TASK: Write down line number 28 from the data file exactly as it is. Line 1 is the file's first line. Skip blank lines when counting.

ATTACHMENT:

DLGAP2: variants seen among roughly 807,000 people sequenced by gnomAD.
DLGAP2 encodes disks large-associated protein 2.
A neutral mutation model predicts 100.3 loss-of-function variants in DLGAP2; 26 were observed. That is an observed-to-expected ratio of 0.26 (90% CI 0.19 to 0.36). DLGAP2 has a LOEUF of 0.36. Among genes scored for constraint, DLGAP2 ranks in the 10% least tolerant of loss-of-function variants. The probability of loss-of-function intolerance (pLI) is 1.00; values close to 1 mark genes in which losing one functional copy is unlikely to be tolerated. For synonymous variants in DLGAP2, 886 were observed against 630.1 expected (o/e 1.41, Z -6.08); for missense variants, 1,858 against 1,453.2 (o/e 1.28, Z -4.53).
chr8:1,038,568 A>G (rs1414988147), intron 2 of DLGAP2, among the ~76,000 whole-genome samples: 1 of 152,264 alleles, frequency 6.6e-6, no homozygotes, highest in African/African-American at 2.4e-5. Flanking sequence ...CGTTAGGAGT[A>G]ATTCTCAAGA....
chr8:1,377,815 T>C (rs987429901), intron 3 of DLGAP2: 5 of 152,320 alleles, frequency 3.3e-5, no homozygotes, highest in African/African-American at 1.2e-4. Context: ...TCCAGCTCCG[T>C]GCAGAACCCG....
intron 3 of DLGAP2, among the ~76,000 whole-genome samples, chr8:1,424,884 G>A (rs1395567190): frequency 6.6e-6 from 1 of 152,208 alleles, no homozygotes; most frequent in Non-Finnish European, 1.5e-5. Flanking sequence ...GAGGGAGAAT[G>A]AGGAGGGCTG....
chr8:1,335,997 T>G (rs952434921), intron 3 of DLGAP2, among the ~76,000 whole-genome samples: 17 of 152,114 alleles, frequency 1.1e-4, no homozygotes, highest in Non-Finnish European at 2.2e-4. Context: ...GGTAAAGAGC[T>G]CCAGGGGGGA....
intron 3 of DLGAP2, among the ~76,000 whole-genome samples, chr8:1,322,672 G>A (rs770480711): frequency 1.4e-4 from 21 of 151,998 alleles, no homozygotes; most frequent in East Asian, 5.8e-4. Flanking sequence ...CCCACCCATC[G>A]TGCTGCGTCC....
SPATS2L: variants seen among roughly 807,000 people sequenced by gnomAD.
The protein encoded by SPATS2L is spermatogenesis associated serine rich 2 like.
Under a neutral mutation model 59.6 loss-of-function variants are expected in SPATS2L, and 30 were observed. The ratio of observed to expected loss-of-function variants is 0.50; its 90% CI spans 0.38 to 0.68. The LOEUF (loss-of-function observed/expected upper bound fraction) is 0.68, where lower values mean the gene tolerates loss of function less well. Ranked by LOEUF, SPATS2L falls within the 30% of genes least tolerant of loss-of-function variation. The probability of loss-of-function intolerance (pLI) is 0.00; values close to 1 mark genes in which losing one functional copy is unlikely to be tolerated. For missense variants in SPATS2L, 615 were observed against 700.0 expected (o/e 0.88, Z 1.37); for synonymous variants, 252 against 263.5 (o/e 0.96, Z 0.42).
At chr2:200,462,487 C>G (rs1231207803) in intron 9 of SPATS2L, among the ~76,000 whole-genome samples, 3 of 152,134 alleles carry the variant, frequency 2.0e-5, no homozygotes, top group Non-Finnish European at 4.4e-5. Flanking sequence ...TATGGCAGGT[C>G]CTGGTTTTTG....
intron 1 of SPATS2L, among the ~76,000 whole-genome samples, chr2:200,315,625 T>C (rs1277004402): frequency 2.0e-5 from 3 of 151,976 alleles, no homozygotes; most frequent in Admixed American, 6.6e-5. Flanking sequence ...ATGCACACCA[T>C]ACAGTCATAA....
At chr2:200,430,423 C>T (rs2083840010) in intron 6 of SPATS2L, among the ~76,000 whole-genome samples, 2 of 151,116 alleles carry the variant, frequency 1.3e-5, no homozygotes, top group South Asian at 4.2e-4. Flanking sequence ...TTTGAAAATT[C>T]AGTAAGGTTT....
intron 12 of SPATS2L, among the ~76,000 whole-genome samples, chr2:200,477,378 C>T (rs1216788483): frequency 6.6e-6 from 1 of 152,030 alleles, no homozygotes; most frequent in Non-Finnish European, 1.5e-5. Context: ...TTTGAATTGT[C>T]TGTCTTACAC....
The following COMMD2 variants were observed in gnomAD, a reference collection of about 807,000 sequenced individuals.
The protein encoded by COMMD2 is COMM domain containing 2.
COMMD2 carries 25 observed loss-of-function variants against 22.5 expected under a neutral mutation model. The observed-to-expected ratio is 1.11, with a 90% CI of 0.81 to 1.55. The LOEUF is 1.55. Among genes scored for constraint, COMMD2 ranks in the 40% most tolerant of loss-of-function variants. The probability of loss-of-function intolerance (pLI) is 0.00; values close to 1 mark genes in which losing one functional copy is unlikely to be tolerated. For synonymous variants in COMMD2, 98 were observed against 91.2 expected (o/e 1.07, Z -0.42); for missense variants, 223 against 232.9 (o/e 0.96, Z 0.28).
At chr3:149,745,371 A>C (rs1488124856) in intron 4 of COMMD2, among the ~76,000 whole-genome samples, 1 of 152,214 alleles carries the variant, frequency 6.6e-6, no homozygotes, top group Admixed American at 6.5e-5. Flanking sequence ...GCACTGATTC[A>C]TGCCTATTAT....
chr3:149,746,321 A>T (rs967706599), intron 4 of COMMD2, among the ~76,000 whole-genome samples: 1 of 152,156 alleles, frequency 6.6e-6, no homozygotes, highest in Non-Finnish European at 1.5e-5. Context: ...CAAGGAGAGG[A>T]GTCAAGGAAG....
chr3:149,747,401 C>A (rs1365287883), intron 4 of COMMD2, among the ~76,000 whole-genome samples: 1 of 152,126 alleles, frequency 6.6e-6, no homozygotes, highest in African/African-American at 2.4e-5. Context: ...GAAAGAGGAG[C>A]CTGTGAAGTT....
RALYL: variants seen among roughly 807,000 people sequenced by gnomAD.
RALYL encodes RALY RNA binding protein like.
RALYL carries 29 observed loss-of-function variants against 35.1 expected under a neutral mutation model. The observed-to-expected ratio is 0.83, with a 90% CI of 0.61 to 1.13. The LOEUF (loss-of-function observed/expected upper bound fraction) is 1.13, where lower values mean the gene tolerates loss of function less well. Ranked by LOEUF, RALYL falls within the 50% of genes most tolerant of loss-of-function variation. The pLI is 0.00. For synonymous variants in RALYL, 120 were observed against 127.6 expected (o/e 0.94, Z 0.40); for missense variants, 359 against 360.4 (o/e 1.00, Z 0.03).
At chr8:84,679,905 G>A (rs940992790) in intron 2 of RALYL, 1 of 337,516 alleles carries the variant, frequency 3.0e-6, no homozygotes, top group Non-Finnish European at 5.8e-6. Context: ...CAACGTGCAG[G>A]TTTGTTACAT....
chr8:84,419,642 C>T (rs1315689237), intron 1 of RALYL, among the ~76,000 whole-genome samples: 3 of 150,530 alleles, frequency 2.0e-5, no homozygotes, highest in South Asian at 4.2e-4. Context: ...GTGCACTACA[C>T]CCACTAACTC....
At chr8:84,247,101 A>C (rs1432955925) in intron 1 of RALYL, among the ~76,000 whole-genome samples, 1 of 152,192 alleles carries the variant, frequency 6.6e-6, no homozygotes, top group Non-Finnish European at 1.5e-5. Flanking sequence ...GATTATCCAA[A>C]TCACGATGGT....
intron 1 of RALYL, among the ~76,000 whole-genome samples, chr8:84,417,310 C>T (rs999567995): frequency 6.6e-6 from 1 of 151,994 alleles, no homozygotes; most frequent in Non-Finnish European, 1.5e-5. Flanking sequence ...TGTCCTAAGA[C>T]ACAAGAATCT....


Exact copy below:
intron 1 of RALYL, among the ~76,000 whole-genome samples, chr8:84,417,310 C>T (rs999567995): frequency 6.6e-6 from 1 of 151,994 alleles, no homozygotes; most frequent in Non-Finnish European, 1.5e-5. Flanking sequence ...TGTCCTAAGA[C>T]ACAAGAATCT....